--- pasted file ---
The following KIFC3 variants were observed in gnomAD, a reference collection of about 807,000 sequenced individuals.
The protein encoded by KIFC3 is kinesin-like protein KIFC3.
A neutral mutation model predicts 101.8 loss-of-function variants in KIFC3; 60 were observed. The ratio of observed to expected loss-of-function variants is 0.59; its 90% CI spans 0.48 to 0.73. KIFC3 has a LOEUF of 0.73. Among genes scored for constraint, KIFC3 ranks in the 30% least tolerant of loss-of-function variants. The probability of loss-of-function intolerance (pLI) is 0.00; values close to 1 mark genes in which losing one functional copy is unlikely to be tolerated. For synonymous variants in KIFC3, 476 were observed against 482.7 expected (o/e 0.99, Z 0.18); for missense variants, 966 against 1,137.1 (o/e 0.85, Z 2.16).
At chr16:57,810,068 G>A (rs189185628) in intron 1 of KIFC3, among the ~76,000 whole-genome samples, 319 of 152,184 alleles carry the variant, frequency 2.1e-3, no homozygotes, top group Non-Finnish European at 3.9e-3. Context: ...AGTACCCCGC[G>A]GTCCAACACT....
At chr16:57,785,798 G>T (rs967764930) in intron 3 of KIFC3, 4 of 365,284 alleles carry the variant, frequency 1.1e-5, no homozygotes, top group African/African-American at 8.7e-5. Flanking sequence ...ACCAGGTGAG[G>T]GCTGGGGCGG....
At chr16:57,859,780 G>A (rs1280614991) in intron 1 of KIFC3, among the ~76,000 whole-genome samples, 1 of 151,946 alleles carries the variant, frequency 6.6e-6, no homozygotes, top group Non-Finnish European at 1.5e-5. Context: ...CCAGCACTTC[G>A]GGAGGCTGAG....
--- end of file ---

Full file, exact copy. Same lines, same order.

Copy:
The following KIFC3 variants were observed in gnomAD, a reference collection of about 807,000 sequenced individuals.
The protein encoded by KIFC3 is kinesin-like protein KIFC3.
A neutral mutation model predicts 101.8 loss-of-function variants in KIFC3; 60 were observed. The ratio of observed to expected loss-of-function variants is 0.59; its 90% CI spans 0.48 to 0.73. KIFC3 has a LOEUF of 0.73. Among genes scored for constraint, KIFC3 ranks in the 30% least tolerant of loss-of-function variants. The probability of loss-of-function intolerance (pLI) is 0.00; values close to 1 mark genes in which losing one functional copy is unlikely to be tolerated. For synonymous variants in KIFC3, 476 were observed against 482.7 expected (o/e 0.99, Z 0.18); for missense variants, 966 against 1,137.1 (o/e 0.85, Z 2.16).
At chr16:57,810,068 G>A (rs189185628) in intron 1 of KIFC3, among the ~76,000 whole-genome samples, 319 of 152,184 alleles carry the variant, frequency 2.1e-3, no homozygotes, top group Non-Finnish European at 3.9e-3. Context: ...AGTACCCCGC[G>A]GTCCAACACT....
At chr16:57,785,798 G>T (rs967764930) in intron 3 of KIFC3, 4 of 365,284 alleles carry the variant, frequency 1.1e-5, no homozygotes, top group African/African-American at 8.7e-5. Flanking sequence ...ACCAGGTGAG[G>T]GCTGGGGCGG....
At chr16:57,859,780 G>A (rs1280614991) in intron 1 of KIFC3, among the ~76,000 whole-genome samples, 1 of 151,946 alleles carries the variant, frequency 6.6e-6, no homozygotes, top group Non-Finnish European at 1.5e-5. Context: ...CCAGCACTTC[G>A]GGAGGCTGAG....